Violence Essay Research Paper Title Industry Slow

Violence Essay, Research Paper

Title: Industry Slow To Reform Marketing Violence To Kids. (cover


Subject(s): VIOLENCE in mass media — United States; SOUND recording

industry — United States; ADVERTISING & youth — United States;

UNITED States. — Federal Trade Commission; LIEBERMAN, Joseph —

Political & social views

Source: Billboard, 05/05/2001, Vol. 113 Issue 18, p1, 2p, 1c

Author(s): Holland, Bill

Abstract: Looks at reaction to a follow-up study released by the

United States Federal Trade Commission (FTC) which criticized the

record industry for not offering reforms to prevent the marketing of

violent products to children. Comment from Senator Joseph Lieberman

about the Recording Industry Association of America; Information about

a bill the would authorize the FTC to monitor and fine entertainment

industries that deceptively market adult-rated material to children;

AN: 4382343

ISSN: 0006-2510

Database: Academic Search Premier

Best Part


Dateline: WASHINGTON, D.C.

Officials from mental health, children’s, and public interest groups

made scathing indictments of record industry officials after the

Federal Trade Commission (FTC) issued an April 24 follow-up study

lambasting the industry for not making reforms to prevent the

marketing of violent product to children.

“I’m surprised and disappointed in the record industry,” Sen. Joseph

Lieberman, D-Conn., told Billboard April 26 after the announcement of

a bill, co-sponsored by former first lady and Sen. Hillary Clinton,

D-N.Y., and Herb Kohl, D-Wis., that would authorize the FTC to monitor

and fine entertainment industries that deceptively market adult-rated

material to children. “Especially since the two other industries, the

movie studios and the video-game industry, have made strides to

improve their marketing in the last six months.”

Lieberman said the Recording Industry Assn. of America (RIAA) has

“sadly been MIA” – i.e., missing in action.

“Six months [after the FTC report], we can see who has responded to

the report and who has failed to answer the call,” Clinton said at the

joint announcement of the bill. “We are basing this [bill] on a very

simple premise: If you label something as inappropriate for children,

then you go out and try to entice our children to buy your product or

see it, you have engaged in false and deceptive advertising.”

The bill, if passed, would give the FTC the authority to penalize

companies with civil fines of up to $11,000 per offense.

RIAA senior executive VP and general counsel Cary Sherman commented

that the bill “raises serious constitutional red flags” and “would

have the unintentional result of discouraging participation” in the

industry’s voluntary stickering program.

That announcement of the bill follows an April 24 statement from the

chairman of the Commerce Committee, Sen. John McCain, R-Ariz., and

Sens. Ernest Hollings, D-S.C.; Sam Brownback, R-Kan.; and Max Cleland,

D-Ga., critical that the industry stopped short of legislative remedy.

The FTC’s “snapshot” update looked at what had changed since its

initial September 2000 report on violence and media (Billboard, Sept.

23). The FTC found that the movie and video-game industries had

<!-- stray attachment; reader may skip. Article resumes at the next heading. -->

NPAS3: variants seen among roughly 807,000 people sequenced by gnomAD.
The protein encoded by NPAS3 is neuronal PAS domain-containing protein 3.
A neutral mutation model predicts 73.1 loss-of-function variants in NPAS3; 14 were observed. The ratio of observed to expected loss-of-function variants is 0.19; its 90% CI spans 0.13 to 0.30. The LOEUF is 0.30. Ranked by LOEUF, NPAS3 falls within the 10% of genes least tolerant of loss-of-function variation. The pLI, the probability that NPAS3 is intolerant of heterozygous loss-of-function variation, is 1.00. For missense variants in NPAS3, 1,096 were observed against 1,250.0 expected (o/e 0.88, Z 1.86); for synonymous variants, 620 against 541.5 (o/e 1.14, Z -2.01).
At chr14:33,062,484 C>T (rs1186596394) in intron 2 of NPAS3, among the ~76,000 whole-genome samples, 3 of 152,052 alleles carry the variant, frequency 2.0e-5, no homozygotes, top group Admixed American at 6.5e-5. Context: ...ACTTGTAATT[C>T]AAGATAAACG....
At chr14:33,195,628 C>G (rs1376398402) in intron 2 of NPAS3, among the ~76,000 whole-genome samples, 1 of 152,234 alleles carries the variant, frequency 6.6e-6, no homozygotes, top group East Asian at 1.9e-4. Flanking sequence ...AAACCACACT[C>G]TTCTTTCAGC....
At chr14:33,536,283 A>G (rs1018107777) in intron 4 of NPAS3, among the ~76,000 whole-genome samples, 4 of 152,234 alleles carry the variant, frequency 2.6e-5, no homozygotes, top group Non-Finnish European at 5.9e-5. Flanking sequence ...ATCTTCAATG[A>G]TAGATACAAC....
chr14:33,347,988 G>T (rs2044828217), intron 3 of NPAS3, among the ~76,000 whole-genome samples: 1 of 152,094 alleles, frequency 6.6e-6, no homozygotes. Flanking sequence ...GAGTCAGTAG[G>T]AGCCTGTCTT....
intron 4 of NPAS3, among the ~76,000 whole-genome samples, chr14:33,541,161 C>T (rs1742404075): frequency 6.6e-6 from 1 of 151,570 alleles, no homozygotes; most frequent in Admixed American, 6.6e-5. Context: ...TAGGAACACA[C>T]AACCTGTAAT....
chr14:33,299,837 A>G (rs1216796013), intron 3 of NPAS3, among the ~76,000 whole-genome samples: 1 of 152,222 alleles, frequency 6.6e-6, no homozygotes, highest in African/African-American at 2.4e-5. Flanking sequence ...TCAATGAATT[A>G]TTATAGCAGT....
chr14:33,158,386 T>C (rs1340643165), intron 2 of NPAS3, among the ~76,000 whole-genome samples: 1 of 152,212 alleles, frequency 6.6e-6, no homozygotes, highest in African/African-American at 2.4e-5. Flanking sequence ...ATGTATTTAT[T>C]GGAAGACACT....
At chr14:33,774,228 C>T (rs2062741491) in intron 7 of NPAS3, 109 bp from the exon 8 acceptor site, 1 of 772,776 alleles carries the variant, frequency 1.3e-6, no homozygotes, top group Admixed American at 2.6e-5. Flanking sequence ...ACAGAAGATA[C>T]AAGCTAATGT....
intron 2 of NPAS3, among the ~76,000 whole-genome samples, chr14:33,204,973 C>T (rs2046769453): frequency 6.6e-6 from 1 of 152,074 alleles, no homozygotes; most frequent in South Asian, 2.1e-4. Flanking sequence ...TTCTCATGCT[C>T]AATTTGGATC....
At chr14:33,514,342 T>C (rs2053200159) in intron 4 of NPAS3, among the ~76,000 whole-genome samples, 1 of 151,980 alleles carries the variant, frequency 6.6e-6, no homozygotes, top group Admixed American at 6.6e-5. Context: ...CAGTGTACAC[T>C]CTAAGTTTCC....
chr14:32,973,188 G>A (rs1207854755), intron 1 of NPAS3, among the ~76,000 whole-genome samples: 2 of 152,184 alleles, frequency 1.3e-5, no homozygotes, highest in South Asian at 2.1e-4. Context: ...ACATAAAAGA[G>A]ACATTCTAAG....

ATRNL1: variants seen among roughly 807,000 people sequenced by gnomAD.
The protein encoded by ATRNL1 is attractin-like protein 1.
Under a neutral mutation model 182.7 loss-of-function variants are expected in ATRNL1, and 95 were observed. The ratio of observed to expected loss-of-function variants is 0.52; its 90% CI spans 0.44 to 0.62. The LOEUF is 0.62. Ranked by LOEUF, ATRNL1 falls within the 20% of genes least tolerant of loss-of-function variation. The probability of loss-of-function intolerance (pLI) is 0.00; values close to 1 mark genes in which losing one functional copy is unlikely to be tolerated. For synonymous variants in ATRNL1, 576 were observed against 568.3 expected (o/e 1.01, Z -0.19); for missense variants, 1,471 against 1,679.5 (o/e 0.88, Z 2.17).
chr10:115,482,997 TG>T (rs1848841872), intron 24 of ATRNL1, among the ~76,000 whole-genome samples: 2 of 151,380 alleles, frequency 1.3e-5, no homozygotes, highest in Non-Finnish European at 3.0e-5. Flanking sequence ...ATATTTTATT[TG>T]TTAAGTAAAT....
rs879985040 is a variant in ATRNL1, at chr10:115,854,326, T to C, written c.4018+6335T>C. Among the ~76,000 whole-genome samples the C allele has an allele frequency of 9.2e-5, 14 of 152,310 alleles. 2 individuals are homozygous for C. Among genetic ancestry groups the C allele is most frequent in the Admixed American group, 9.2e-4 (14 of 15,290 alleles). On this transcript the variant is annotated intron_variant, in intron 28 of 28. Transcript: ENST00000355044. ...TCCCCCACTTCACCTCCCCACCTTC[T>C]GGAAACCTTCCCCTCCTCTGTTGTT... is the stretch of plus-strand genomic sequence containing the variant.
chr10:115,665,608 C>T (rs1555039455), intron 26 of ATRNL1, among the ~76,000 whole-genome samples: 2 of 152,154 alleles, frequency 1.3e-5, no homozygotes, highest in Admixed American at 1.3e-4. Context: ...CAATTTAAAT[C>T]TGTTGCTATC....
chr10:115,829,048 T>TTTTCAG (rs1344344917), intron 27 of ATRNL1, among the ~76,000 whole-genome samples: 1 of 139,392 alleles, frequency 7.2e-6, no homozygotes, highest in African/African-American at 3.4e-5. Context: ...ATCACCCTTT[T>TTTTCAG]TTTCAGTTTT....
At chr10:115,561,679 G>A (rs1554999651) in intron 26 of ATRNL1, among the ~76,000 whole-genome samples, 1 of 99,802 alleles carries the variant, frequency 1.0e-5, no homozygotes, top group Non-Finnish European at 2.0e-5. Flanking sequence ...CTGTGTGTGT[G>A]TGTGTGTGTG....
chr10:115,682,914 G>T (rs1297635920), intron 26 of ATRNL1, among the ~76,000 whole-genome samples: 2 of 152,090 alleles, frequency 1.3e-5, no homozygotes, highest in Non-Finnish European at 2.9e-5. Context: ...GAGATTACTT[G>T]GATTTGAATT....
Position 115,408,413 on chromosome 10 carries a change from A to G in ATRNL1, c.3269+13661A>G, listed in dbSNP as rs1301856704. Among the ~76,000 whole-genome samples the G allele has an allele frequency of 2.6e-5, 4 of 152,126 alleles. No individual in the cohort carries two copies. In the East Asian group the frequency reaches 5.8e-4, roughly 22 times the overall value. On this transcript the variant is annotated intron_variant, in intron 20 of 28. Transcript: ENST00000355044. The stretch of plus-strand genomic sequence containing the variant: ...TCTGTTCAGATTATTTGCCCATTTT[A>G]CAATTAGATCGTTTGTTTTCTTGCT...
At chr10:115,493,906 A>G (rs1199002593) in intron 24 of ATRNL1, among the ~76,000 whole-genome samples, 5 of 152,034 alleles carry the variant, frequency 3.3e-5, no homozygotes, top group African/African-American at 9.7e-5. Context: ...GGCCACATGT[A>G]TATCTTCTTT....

instituted reforms but that the record industry had not made good on


Andrew Schwartzman, president of public interest law firm the Media

Access Group, believes the industry has brought the criticism upon

itself. “There is a difference between what one has a right to do and

what is socially responsible,” he says. “It appears they have targeted

a mass audience for this material, and then they’re ‘horrified’ when

it’s discovered what they’ve done. They’re being duplicitous – in the

end, they’re lying.”

He continues, “They say they’re not marketing to kids, but they are.

If they say one thing and do another, some people are going to argue

that that’s an unfair trade practice in violation of the law. So

they’re going to have to accept the consequences, and the consequences

are going to be contrary to artists’ interests and their own long-term


Jeff McIntyre, federal affairs officer for the American Psychological

Assn., says, “Basically, it’s cowardly if you’re not going to stand

behind your word and not believe in your artists’ product enough to

make sales without having to back down behind Congress’s back and then

target this stuff at preadolescents.”

Dr. Michael Rich, spokesman for the American Pediatric Assn.’s

committee on education, says he’s not surprised by the FTC’s findings.

“I didn’t get a sense from [RIAA president Hilary Rosen's] testimony

at the original hearing in the fall, or from what has happened since,

that there’s much effort in any genuine sense to do anything about


Rich also continues to be alarmed by the unavailability in stores of

so-called sanitized versions of songs that children hear on radio.

“I’ve gone into Tower and HMV [in Boston], and you can’t get airplay

versions. In fact, it’s considered reprehensible in some stores to

even carry sanitized versions.”


The FTC criticized the RIAA for withdrawing a plan to withhold ads

from media with an under-17 audience of more than 50%. The trade group

explained it did so because of the suggestion by some federal

lawmakers last fall that companies could be prosecuted for enforcement


Pam Horvitz, president of the National Assn. of Record Merchandisers

(NARM), says the lawsuit “serves as a perfect example of what could

happen to [label and retailers] – exposing us to liability for failing

to enforce voluntary guidelines.”

The RIAA had announced its guidelines Sept. 1, shortly before the

original Senate hearing (Billboard, Sept. 13). They included three

major updates: that advertising for labeled records should not appear

in publications or Internet sites where 50% of the audience is under

17, that all consumer print ads of explicit-content albums display the

advisory sticker, and that E-tailers clearly display notice of

stickered material through all phases of the transaction.

At the time the RIAA announced the guidelines last September, Rosen’s